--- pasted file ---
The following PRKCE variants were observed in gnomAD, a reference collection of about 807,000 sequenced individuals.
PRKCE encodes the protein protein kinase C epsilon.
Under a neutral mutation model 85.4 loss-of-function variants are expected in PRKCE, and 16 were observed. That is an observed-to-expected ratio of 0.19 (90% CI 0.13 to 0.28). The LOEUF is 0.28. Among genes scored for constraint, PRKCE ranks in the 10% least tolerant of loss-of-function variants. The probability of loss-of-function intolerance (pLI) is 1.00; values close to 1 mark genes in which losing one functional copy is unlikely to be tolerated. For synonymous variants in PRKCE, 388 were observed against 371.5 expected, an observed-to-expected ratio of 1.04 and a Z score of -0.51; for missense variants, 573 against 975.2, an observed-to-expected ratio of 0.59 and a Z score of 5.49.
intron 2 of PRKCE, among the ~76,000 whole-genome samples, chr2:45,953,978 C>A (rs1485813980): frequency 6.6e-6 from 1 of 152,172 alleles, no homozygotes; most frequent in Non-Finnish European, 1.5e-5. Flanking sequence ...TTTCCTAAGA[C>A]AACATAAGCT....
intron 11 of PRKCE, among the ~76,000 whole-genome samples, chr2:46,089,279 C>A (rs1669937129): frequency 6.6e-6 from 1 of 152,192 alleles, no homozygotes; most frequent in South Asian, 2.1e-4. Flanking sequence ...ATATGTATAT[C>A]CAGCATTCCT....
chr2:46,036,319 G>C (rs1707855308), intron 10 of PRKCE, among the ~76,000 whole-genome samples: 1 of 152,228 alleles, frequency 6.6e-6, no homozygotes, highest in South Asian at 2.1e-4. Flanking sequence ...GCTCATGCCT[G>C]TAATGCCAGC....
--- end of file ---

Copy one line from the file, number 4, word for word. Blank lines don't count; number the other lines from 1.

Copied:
intron 2 of PRKCE, among the ~76,000 whole-genome samples, chr2:45,953,978 C>A (rs1485813980): frequency 6.6e-6 from 1 of 152,172 alleles, no homozygotes; most frequent in Non-Finnish European, 1.5e-5. Flanking sequence ...TTTCCTAAGA[C>A]AACATAAGCT....